If you speak with parents who have had something go wrong with an adoption between being matched with a child and actually processing the paperwork, they will tell you it is like a death. It is a real child that will no longer be a part of your family and these parents grieve accordingly. Yet, it is a hard because so few people understand the depth of connection with a picture.

It is one of the first miracles of adoption, that parents can so wrap their hearts around a child they still have yet to meet. (Of course, there is the process of adjusting from the imaginary child to the actual child standing in front of you... but that's a whole separate post.) This picture becomes your child. Your really truly child. The one you will fight for and love and defend with every mama bear instinct that you possess.

Imagine that your child, the one that lives in your house with you, was suddenly transported to another country and placed in less than ideal living conditions. You would move heaven and earth and spend any amount of money to go and get them. To bring them home. And you wouldn't rest until you did that. If someone truly dear to you was far away and needing your help to come home, it would become your obsession. Of course I acknowledge that my story only correlates so far. A child who is known and lives with us will elicit strong feelings, and I agree that these feelings are greater than for a child who is still a stranger. But here is what I want to try to communicate, if ever so poorly. While a real, known child will elicit extremely strong feelings and need to protect that child, for those of us in the adoption process, something has happened and we feel about these children whom we only know from pictures and videos, in a very similar way. They are ours and we need to bring them home.

To wait is painful. We are missing children whom we realize we don't really know, yet love to such a great extent that we are willing to put ourselves through this pain to bring home. Parenting is often one constant act of sacrifice, and for adoptive parents, this sacrifice begins long before the child is known.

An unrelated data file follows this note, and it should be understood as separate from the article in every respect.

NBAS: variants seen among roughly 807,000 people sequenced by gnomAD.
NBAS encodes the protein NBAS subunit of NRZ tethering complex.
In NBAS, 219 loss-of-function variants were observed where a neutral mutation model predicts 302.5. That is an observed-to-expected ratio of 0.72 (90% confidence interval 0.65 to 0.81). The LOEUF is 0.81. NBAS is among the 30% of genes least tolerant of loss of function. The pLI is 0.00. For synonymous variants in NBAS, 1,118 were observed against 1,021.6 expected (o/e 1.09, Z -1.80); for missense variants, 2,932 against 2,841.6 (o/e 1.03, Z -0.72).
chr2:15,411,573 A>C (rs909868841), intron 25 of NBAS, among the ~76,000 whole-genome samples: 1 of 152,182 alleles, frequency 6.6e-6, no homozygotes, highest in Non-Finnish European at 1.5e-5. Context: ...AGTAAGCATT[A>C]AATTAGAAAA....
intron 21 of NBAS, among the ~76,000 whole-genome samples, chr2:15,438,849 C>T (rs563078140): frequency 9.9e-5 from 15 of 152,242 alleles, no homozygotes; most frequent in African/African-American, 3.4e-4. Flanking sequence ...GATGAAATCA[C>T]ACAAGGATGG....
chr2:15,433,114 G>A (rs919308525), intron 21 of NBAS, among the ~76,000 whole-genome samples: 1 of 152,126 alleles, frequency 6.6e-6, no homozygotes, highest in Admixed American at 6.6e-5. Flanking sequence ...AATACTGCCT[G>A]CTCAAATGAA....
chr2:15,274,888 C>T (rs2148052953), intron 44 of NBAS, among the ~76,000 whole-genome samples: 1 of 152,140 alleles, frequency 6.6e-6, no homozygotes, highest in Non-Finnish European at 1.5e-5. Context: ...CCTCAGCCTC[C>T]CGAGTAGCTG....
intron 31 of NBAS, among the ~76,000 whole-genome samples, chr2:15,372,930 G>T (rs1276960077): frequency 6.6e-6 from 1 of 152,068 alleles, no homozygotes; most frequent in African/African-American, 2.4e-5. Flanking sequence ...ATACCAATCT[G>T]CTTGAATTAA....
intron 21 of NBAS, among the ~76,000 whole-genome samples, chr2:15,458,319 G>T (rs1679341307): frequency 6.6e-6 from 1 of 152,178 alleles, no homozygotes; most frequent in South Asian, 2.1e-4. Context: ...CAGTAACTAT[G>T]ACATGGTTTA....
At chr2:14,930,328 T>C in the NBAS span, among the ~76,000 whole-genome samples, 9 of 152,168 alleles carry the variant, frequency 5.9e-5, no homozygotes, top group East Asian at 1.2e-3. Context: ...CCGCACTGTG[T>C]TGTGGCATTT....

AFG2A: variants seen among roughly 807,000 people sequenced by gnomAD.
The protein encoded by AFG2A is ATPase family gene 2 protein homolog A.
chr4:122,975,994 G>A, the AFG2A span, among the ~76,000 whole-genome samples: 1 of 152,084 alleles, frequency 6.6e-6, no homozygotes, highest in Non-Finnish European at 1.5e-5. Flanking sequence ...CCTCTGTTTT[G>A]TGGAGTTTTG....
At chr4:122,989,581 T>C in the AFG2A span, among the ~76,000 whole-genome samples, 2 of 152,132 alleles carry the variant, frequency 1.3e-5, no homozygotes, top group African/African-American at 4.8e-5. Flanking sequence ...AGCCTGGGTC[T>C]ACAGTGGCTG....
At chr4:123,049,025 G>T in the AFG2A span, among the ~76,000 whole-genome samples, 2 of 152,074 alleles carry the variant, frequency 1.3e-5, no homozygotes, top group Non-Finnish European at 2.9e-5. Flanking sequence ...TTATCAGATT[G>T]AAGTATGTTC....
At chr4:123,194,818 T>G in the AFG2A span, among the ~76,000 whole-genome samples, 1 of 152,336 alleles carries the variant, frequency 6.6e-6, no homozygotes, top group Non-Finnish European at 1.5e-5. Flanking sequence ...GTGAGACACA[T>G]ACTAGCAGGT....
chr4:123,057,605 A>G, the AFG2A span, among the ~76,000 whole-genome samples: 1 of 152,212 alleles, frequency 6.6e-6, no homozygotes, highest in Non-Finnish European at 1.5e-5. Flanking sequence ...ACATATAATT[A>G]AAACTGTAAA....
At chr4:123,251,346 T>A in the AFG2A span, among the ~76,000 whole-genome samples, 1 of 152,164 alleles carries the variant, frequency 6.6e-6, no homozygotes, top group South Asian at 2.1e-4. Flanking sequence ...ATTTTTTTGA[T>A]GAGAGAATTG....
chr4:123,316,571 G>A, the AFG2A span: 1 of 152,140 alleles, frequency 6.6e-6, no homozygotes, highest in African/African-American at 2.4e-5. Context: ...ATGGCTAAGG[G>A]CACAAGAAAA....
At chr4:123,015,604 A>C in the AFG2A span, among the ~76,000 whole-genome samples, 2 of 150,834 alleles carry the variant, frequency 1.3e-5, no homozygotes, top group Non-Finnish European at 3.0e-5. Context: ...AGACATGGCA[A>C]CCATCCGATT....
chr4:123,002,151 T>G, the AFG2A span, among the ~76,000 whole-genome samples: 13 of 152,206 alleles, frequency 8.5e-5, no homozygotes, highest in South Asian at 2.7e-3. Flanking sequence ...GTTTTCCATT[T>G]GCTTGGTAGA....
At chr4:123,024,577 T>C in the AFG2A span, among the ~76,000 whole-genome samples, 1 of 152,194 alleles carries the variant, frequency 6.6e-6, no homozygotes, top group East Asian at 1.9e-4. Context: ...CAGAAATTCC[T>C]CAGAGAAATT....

Please Governor Rauner, sign HB 3079. Right now it is only you who is slowing down the adoption process so atrociously in Illinois. How would you like it if some government official decided to use your child as a pawn in his political game? Just sign the bill.

Friday, June 26, 2015

The very hungry caterpillar

By chance I came across a little tiny monarch caterpillar on one of the milkweed plants last week, so of course, I brought him in. Having learned the hard way last year that it is important to wash the milkweed leaves thoroughly before letting the caterpillar eat them, he has thrived. In fact, having done this a time or two before, I would say this is the hungriest caterpillar we've ever had. Usually, I can get away with giving a new leaf once a day. Not with this guy. Recently I've had to change his leaf twice, sometimes three times. He eats so much. And if I don't provide him with new leaves, then I find him crawling all over the windowsill to search for new leaves on his own.

The little people love him and so had to name him. G. and L. were standing there when I first brought him in and at first suggested something mundane such as stripey. However, my two youngest are anything but mundane, so not being content with the first suggestion, stood there a thought a little longer. L. suddenly bursts out, "Let's call him John Avery Whittaker!" G. joins in with, "YES! Let's call him John Avery Whittaker!" So John Avery Whittaker he is. It did throw some older children for a loop at first when I asked for someone to go get a new leaf for John Avery Whittaker, We soon cleared up the confusion. For those whose children do not listen to Adventures in Odyssey non-stop, John Avery Whittaker is a character from the radio show.

Eating... which is what he does best

At home, for now, in his jar

Thursday, June 25, 2015

In which I amaze and astound you with my photographic prowess

We went strawberry picking today and picked 7 baskets, which I think are 14 quarts. It wasn't too hot and not too sunny, with only a drop or two or rain. Really, rather ideal weather for berry picking. I threw my iPod in my pocket since I thought it would be easy to use to take pictures.

In theory it was. I whipped it out of my pocket occasionally and took some pictures. I couldn't really see what I was taking because the glare made it hard to see. Evidently, I haven't quite figured out where exactly the camera is on the silly thing. This one is the best... it's L. (Who, by the way, was a terrific berry picker, outlasting nearly everyone.)

(I'm including these others because I like to make my children laugh. And believe me, they will laugh... so will you.)